"The market for digital books … has been roughly doubling every 18 months,” says Andrew Savikas, O’Reilly Media’s vice president of digital initiatives. “Follow that line out, and in less than a decade it’s 64 times the size it is now.”
The expansion of digital learning tools in higher education is opening another significant market. Princeton, Pace, Arizona State and other institutions recently joined an Amazon pilot program to give students Kindle DX e-readers for select courses. As part of the program, Amazon added more than 100 McGraw-Hill Education textbooks to the Kindle store. However, McGraw-Hill’s digital learning materials go far beyond e-readers.
“What’s really terrific about e-books,” says Rik Kranenburg, president of McGraw-Hill’s Higher Education, Professional and International Group, “is that the technology lends itself to all kinds of new applications and learning formats—new ways that students learn, and instructors can use and integrate the technology to instruct.”
McGraw-Hill offers many of its e-textbooks in the context of a wider, digital learning suite called Connect that includes multimedia and interactive learning experiences, such as searchable lecture capture and personal learning diagnostics.
E-books could drastically change the business model for college textbooks, which have long been a rising cost of higher education. According to Kranenburg, most McGraw-Hill e-textbooks sell for about 60 percent of the cost of their print versions, ... .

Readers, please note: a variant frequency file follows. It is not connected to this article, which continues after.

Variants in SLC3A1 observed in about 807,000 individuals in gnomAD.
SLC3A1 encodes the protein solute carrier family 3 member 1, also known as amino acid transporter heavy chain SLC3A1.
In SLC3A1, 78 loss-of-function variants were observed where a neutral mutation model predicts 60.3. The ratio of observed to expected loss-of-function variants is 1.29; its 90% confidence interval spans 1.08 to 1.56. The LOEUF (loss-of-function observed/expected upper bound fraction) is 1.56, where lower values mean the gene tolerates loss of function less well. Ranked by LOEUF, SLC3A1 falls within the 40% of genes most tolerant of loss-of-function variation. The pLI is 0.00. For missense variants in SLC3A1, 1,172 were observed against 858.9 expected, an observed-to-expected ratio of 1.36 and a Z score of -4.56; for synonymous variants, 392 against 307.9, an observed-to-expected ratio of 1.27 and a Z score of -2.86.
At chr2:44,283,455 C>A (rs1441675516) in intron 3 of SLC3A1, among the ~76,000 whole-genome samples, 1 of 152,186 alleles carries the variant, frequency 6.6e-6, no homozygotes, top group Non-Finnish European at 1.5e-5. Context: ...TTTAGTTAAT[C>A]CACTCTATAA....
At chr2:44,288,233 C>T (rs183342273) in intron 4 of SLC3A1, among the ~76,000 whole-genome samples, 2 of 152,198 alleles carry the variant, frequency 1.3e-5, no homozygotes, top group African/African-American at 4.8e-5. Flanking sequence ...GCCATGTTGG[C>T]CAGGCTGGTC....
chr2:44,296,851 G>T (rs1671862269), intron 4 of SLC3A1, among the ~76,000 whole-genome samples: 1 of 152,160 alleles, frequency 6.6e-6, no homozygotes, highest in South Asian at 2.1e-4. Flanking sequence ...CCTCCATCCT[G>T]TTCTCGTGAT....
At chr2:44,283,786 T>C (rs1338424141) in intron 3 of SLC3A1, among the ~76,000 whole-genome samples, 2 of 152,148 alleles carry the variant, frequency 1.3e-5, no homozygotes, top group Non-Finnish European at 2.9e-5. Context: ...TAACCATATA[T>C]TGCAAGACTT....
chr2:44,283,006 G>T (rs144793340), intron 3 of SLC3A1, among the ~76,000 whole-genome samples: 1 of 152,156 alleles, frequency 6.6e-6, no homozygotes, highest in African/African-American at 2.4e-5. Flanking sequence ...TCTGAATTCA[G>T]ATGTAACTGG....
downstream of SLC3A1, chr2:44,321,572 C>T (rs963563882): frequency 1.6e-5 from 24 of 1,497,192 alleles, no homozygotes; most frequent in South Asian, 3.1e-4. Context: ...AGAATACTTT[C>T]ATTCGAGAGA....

The E-reader Upsurge
The growth of e-books is mirrored by the proliferation of e-reading devices. The two most well-known are Sony’s Reader and Amazon’s Kindle (which was the first to find truly mainstream legitimacy when Oprah Winfrey embraced it as a “life-changing” gadget). The two devices have battled for market share since. [snip]
While the Kindle is tied to Amazon’s store, new devices from Sony and other manufacturers can access everything from Barnes & Nobles’s catalog to hundreds of thousands of free e-books through Google, Project Gutenberg and other digital archives. Plus, smartphone apps, such as iPhone’s Stanza, allow millions of smartphone users to access e-books. Plus, an e-book can be released as a stand-alone app, as O’Reilly Media has done.
Smartphones: Smarter E-readers?
This raises an obvious question: How important are e-readers to the overall success of e-books[snip]
“Smartphones and 3G data networks are the main driver [behind digital sales] …,” says O’Reilly’s Savikas.
Neelan Choksi, CEO of Lexcycle, agrees. “My impression is that the ease of use being introduced with wireless and over-the-air access has had a huge effect on adoption. It’s probably the primary reason for the growth in content sales.”
The Chicken or the Egg?
It’s also clear that e-reader adoption is lagging far behind overall e-book adoption. According to Norris, most e-books are read on personal computers. He points out that, although Amazon will likely sell 500,000 Kindles by the end of the year, an estimated 110 million U.S. adults buy at least one book a year.
Ultimately, many publishers agree that it’s about giving readers the chance to buy what they want where and when they want it.
McGraw-Hill is already designing text for digital distribution first, and other publishers have begun doing the same. It’s less important to publish on one specific device than it is to produce books that can be accessed through whatever channel readers use to buy books.
!!! Thanks To / Garrett Eastman / Librarian / Rowland Institute at Harvard / For The HeadsUp !!!